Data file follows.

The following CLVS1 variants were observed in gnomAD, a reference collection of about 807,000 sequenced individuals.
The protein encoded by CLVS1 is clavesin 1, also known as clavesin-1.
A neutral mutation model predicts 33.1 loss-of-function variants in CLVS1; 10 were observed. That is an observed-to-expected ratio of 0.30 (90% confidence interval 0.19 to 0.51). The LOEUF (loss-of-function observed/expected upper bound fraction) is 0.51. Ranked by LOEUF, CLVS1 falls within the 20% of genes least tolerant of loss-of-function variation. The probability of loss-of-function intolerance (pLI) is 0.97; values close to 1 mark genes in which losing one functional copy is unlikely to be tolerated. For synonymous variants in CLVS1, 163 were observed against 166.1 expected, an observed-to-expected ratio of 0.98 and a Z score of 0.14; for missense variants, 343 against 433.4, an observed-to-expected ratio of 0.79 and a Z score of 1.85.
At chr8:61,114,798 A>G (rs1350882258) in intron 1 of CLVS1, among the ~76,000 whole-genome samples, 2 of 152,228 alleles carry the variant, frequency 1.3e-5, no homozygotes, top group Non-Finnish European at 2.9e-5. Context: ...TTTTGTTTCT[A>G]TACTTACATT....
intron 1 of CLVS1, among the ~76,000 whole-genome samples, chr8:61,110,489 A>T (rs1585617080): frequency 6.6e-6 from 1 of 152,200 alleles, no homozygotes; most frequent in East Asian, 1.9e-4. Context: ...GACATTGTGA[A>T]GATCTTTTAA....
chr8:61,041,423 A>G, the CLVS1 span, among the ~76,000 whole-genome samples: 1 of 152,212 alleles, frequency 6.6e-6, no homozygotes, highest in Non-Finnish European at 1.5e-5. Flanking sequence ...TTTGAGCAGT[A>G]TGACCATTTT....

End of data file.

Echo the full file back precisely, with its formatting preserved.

The following CLVS1 variants were observed in gnomAD, a reference collection of about 807,000 sequenced individuals.
The protein encoded by CLVS1 is clavesin 1, also known as clavesin-1.
A neutral mutation model predicts 33.1 loss-of-function variants in CLVS1; 10 were observed. That is an observed-to-expected ratio of 0.30 (90% confidence interval 0.19 to 0.51). The LOEUF (loss-of-function observed/expected upper bound fraction) is 0.51. Ranked by LOEUF, CLVS1 falls within the 20% of genes least tolerant of loss-of-function variation. The probability of loss-of-function intolerance (pLI) is 0.97; values close to 1 mark genes in which losing one functional copy is unlikely to be tolerated. For synonymous variants in CLVS1, 163 were observed against 166.1 expected, an observed-to-expected ratio of 0.98 and a Z score of 0.14; for missense variants, 343 against 433.4, an observed-to-expected ratio of 0.79 and a Z score of 1.85.
At chr8:61,114,798 A>G (rs1350882258) in intron 1 of CLVS1, among the ~76,000 whole-genome samples, 2 of 152,228 alleles carry the variant, frequency 1.3e-5, no homozygotes, top group Non-Finnish European at 2.9e-5. Context: ...TTTTGTTTCT[A>G]TACTTACATT....
intron 1 of CLVS1, among the ~76,000 whole-genome samples, chr8:61,110,489 A>T (rs1585617080): frequency 6.6e-6 from 1 of 152,200 alleles, no homozygotes; most frequent in East Asian, 1.9e-4. Context: ...GACATTGTGA[A>T]GATCTTTTAA....
chr8:61,041,423 A>G, the CLVS1 span, among the ~76,000 whole-genome samples: 1 of 152,212 alleles, frequency 6.6e-6, no homozygotes, highest in Non-Finnish European at 1.5e-5. Flanking sequence ...TTTGAGCAGT[A>G]TGACCATTTT....